The WarioWare series was always a game that was a bit of a test subject for Nintendo. They use this franchise to show off and highlight their hardware’s unique features. WarioWare: Touched! highlights the DS’s touchscreen features, and even incorporates the microphone feature, Game and Wario is all about all the different ways you could use the gamepad in combination with the TV screen, WarioWare: Smooth Moves has you utilizing the Wiimote and nunchuck, and so on. The Switch has gained its own WarioWare title, that being Get It Together, being able to utilize the easy two-player mechanics of the joy-cons. However, it felt like they could do more with the joy-cons, instead of just using them as simple controllers. With WarioWare: Move It!, the Switch has finally gotten the WarioWare game it needed to push these joy-cons to their absolute limit, highlighting both the good and the bad they bring.
Wario ends up ordering 50 garlic burgers, inadvertently signing up for 50 chances to win a vacation trip. As luck would have it, he won and now is going on vacation with the rest of his workers from WarioWare Inc. to Caresaway Island. On the island, Wario is presented with the form stones, which are stones that look like joy-cons. While originally dismissive of them, he decides to keep them in his search for treasure. The rest of the cast meanwhile just try to enjoy their free vacation.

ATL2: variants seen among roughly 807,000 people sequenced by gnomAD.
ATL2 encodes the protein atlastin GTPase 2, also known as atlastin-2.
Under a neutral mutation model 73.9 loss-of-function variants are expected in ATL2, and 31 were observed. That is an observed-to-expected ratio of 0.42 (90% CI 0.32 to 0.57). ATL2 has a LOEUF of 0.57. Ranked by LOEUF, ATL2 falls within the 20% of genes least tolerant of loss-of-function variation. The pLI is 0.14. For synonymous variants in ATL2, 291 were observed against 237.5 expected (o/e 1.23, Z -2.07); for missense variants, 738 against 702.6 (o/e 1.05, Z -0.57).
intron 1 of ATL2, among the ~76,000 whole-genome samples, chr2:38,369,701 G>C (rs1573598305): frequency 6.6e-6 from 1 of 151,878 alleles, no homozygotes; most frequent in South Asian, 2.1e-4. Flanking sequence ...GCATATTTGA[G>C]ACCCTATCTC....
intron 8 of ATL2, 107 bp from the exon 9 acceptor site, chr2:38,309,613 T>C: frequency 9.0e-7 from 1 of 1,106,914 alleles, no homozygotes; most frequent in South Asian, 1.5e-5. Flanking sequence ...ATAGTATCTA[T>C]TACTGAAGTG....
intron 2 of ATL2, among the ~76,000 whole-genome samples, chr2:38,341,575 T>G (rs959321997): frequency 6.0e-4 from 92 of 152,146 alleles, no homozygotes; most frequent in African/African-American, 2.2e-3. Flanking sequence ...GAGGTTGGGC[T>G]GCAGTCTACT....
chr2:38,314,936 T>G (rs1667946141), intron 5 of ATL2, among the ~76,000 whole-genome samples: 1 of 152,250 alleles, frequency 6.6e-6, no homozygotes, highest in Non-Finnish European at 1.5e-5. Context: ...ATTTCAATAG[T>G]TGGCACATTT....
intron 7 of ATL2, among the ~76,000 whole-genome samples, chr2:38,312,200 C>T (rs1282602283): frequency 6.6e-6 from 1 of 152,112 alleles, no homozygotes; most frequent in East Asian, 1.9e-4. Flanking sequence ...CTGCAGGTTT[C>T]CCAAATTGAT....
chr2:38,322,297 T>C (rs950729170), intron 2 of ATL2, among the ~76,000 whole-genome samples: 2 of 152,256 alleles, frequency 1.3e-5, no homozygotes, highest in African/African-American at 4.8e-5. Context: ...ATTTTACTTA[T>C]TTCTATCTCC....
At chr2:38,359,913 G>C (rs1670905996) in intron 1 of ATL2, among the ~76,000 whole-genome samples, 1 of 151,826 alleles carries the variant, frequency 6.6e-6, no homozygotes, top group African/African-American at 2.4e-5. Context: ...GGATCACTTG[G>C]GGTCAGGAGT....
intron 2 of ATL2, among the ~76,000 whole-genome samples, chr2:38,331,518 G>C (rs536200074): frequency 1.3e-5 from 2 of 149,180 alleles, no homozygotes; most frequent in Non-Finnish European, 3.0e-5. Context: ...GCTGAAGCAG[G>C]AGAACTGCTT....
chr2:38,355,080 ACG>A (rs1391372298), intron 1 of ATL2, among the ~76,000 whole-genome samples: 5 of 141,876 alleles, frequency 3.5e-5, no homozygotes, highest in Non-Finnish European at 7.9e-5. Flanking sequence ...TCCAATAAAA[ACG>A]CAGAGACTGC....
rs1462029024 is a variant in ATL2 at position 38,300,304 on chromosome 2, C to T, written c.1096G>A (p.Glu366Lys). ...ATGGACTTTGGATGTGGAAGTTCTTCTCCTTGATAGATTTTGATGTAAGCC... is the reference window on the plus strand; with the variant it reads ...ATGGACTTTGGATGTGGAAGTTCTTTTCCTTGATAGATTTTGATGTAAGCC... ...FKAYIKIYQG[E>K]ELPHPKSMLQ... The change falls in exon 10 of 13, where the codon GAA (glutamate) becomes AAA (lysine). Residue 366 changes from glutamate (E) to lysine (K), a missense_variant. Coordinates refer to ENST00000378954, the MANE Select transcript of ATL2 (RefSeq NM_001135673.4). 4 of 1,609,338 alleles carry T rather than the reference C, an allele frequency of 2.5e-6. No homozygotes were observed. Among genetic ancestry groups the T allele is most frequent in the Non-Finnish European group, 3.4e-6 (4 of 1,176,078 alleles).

Let’s get the obvious elephant out of the room first; this game relies heavily on throwing many different microgames at you. Each stage gives you 4 lives to beat all the microgames standing between you and the boss of the stage. Microgames are 5 to 10-second short games that task you to do one quick task after another. During one minigame, you could be measuring which plate is heavier in one second using your joy-cons as scales, then immediately right afterward, you will be dropping your joy-cons to feed a bird, only to right afterward be angling the joy-cons to fit a Mii through a hole in the wall. This game doesn’t explain much, only giving you a stance, you need to do before the game starts, and a quick instruction, which is usually only 1 word long. This series of games goes for a fast-paced and frantic fun time. Not everyone is going to be up to the task, and that’s ok. It just so happens that this insanity is just what appeals to plenty of other fans, including this one.